Originally Posted By: OurHouse
I wonder how people really are able to be so disciplined to stick to a budget. I know what I did is a far cry from Mrs. Hold but the smaller things add up and I wonder if I too contributed to our financial state of affairs.


OH, most people don't understand budgeting. We have what I view as a severe lack of fiscal conservatism in this country. After all, some 70+ percent of our GDP is derived from our spending habits (problem).

Most folks associate a budget with the negative connotation of limits, or as you said, discipline. Does budgeting require discipline? Yes and no. Yes in that any plan requires a willingness to stick to the fundamentals of the plan. That said, any well designed budget accounts for both wants and needs - it recognizes that we all have real needs, as GBH said, but we all also have wants - and any budget should reflect both realities. A budget that overstates needs and understates wants will never work long term (though budgets can be altered temporarily to reach certain goals). I've read a TON of financial planning books, mostly because one of my hobbies is the study of economics and finance (my major in college was Securities Analysis/Finance within the Business Admin track). I own precious few of these books as most I don't feel do a good enough job to warrant owning. I can recommend a few books if you're interested. One of the best overall books for budgeting is All Your Worth here:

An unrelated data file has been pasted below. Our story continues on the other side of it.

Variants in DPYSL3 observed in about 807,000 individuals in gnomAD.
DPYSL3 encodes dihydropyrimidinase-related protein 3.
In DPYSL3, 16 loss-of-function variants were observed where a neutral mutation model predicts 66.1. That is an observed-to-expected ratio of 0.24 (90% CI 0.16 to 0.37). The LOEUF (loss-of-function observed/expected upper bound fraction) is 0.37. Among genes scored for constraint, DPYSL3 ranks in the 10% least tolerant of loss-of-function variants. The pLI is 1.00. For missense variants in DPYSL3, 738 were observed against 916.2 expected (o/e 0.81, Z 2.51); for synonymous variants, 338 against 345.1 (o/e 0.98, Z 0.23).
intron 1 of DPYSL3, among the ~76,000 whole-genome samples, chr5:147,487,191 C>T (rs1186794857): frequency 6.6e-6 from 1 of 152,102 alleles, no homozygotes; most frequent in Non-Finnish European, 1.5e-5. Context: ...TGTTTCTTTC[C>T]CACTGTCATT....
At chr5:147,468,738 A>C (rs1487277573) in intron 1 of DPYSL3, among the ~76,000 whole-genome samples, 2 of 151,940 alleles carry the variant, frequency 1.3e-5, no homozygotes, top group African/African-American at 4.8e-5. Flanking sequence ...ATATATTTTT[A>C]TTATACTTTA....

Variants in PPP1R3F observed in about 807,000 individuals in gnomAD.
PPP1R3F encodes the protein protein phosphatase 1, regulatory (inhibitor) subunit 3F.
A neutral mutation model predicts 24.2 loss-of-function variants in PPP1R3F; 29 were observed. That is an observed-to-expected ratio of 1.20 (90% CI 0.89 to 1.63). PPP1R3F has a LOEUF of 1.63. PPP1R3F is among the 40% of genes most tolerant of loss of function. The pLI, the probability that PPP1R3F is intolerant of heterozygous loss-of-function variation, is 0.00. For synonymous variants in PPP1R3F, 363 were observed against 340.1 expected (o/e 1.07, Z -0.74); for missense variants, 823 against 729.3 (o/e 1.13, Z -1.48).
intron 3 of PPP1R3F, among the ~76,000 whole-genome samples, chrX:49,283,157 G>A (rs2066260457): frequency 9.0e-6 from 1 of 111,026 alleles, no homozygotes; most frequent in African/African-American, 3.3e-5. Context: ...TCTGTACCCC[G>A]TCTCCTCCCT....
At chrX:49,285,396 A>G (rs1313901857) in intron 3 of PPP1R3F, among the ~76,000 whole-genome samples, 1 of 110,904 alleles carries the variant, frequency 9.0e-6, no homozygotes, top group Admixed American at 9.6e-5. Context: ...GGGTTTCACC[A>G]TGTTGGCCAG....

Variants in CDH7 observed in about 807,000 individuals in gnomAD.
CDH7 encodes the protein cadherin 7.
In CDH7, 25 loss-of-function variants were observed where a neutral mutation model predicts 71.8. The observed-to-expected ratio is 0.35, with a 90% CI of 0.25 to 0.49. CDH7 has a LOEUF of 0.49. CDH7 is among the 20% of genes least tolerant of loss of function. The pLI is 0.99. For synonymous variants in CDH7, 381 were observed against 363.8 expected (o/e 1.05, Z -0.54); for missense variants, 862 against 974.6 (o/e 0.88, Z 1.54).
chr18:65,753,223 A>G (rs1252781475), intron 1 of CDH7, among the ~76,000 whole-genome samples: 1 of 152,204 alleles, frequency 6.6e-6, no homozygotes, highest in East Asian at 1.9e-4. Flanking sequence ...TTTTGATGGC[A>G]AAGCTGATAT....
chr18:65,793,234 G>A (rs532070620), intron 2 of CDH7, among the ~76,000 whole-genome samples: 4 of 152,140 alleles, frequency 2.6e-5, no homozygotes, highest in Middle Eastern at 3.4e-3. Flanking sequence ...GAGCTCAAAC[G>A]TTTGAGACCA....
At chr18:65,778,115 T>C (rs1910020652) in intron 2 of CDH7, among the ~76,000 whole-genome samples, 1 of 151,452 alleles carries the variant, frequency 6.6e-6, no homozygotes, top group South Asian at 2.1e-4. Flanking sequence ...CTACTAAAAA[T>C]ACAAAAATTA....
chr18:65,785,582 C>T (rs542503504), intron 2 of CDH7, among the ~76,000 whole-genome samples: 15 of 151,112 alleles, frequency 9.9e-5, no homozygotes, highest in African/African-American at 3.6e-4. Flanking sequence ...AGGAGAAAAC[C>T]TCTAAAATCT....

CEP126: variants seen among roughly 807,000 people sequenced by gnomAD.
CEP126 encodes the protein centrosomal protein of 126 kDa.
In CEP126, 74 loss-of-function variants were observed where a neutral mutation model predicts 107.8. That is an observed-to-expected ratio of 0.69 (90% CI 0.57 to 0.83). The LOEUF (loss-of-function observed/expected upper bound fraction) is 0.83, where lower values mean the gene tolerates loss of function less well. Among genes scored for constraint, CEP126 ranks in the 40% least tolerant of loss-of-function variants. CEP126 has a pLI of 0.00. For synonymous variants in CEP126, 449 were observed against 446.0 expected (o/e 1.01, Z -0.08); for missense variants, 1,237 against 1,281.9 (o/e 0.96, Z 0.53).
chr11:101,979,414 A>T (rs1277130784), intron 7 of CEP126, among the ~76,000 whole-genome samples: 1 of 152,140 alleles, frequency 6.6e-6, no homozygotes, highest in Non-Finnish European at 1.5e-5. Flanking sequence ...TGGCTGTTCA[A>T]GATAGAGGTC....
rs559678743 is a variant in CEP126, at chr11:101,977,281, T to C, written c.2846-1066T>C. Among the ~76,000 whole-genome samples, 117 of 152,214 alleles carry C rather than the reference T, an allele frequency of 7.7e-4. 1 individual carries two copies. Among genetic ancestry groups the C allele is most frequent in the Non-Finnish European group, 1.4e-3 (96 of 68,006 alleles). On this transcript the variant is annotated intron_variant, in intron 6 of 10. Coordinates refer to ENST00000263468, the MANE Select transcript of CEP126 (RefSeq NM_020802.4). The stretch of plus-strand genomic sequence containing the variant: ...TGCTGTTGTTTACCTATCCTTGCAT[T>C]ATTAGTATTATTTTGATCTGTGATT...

http://www.amazon.com/All-Your-Worth-Ultimate-Lifetime/dp/0743269888/ref=pd_sim_b_1

The key concept is that every budget has to reflect our being human, and therefore every budget has to have a healthy balance of wants and needs. For instance, if too much of the monthly budget is going toward real needs, then the family members will inevitably feel as though they are missing out on certain aspects of life (wants such as vacations, eating out, toys, games, or whatever else the family in question views as their wants/luxuries). The book I've recommended doesn't just talk about budgeting, it also talks about the human component, and how to achieve a good balance of wants and needs financially.

Ever wonder why one family that makes 75k a year seems to live well and really enjoy life while the family that lives right next door and makes 150k a year always seems to be struggling? It's all about balance. High level, All Your Worth will teach you a model that breaks down as follows: 50% needs, 30% wants, 20% savings. I won't say any more than that as what goes into those categories is what the entire book is all about. Can't recommend it highly enough for those struggling with their finances due to being out of balance.

Last edited by HitchHiker; 12/21/09 01:32 PM.

God Bless,

HitchHiker

All I want to do is learn to think like God thinks. , I want to know Gods thoughts; all the rest are just details. , When the solution is simple, God is answering. - Albert Einstein

INTJ married to an ENFJ